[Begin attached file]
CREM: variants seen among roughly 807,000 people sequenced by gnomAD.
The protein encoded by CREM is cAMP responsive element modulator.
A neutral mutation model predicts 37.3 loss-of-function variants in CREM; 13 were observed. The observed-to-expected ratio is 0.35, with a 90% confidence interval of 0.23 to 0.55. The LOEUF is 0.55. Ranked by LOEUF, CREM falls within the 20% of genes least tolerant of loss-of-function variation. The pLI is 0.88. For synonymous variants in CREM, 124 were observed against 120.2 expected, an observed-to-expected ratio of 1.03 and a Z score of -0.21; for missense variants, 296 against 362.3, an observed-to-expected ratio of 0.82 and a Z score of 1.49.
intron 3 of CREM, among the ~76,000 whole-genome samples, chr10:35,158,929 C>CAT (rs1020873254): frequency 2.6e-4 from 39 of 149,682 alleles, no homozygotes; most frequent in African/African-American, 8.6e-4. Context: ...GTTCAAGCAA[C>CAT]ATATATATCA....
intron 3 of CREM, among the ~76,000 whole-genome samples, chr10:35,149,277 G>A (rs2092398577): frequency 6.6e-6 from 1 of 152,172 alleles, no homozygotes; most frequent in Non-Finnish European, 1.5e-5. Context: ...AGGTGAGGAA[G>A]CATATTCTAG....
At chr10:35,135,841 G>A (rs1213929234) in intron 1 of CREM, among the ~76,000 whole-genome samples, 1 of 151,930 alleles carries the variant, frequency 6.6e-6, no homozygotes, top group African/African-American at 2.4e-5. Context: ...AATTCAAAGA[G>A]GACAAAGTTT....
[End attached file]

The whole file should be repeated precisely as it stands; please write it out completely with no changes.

CREM: variants seen among roughly 807,000 people sequenced by gnomAD.
The protein encoded by CREM is cAMP responsive element modulator.
A neutral mutation model predicts 37.3 loss-of-function variants in CREM; 13 were observed. The observed-to-expected ratio is 0.35, with a 90% confidence interval of 0.23 to 0.55. The LOEUF is 0.55. Ranked by LOEUF, CREM falls within the 20% of genes least tolerant of loss-of-function variation. The pLI is 0.88. For synonymous variants in CREM, 124 were observed against 120.2 expected, an observed-to-expected ratio of 1.03 and a Z score of -0.21; for missense variants, 296 against 362.3, an observed-to-expected ratio of 0.82 and a Z score of 1.49.
intron 3 of CREM, among the ~76,000 whole-genome samples, chr10:35,158,929 C>CAT (rs1020873254): frequency 2.6e-4 from 39 of 149,682 alleles, no homozygotes; most frequent in African/African-American, 8.6e-4. Context: ...GTTCAAGCAA[C>CAT]ATATATATCA....
intron 3 of CREM, among the ~76,000 whole-genome samples, chr10:35,149,277 G>A (rs2092398577): frequency 6.6e-6 from 1 of 152,172 alleles, no homozygotes; most frequent in Non-Finnish European, 1.5e-5. Context: ...AGGTGAGGAA[G>A]CATATTCTAG....
At chr10:35,135,841 G>A (rs1213929234) in intron 1 of CREM, among the ~76,000 whole-genome samples, 1 of 151,930 alleles carries the variant, frequency 6.6e-6, no homozygotes, top group African/African-American at 2.4e-5. Context: ...AATTCAAAGA[G>A]GACAAAGTTT....